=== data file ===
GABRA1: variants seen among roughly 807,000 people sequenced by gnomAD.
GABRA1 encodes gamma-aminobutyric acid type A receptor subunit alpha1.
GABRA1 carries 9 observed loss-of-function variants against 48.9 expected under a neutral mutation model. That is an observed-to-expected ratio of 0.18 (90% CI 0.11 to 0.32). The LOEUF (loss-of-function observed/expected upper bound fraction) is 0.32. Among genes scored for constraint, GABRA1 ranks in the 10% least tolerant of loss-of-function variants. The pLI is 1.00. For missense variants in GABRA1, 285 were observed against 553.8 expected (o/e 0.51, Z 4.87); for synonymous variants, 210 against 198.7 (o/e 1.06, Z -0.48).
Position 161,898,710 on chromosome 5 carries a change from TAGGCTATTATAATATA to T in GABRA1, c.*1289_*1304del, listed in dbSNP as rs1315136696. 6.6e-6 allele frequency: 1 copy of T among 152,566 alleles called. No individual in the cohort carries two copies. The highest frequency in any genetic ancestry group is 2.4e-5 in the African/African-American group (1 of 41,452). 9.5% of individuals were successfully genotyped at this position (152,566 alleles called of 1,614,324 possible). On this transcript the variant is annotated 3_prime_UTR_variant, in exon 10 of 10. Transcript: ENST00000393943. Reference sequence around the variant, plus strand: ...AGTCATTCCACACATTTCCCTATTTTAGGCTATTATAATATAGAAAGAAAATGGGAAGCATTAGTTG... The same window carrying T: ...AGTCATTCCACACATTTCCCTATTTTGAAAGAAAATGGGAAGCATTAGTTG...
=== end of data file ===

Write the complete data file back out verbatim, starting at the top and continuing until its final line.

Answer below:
GABRA1: variants seen among roughly 807,000 people sequenced by gnomAD.
GABRA1 encodes gamma-aminobutyric acid type A receptor subunit alpha1.
GABRA1 carries 9 observed loss-of-function variants against 48.9 expected under a neutral mutation model. That is an observed-to-expected ratio of 0.18 (90% CI 0.11 to 0.32). The LOEUF (loss-of-function observed/expected upper bound fraction) is 0.32. Among genes scored for constraint, GABRA1 ranks in the 10% least tolerant of loss-of-function variants. The pLI is 1.00. For missense variants in GABRA1, 285 were observed against 553.8 expected (o/e 0.51, Z 4.87); for synonymous variants, 210 against 198.7 (o/e 1.06, Z -0.48).
Position 161,898,710 on chromosome 5 carries a change from TAGGCTATTATAATATA to T in GABRA1, c.*1289_*1304del, listed in dbSNP as rs1315136696. 6.6e-6 allele frequency: 1 copy of T among 152,566 alleles called. No individual in the cohort carries two copies. The highest frequency in any genetic ancestry group is 2.4e-5 in the African/African-American group (1 of 41,452). 9.5% of individuals were successfully genotyped at this position (152,566 alleles called of 1,614,324 possible). On this transcript the variant is annotated 3_prime_UTR_variant, in exon 10 of 10. Transcript: ENST00000393943. Reference sequence around the variant, plus strand: ...AGTCATTCCACACATTTCCCTATTTTAGGCTATTATAATATAGAAAGAAAATGGGAAGCATTAGTTG... The same window carrying T: ...AGTCATTCCACACATTTCCCTATTTTGAAAGAAAATGGGAAGCATTAGTTG...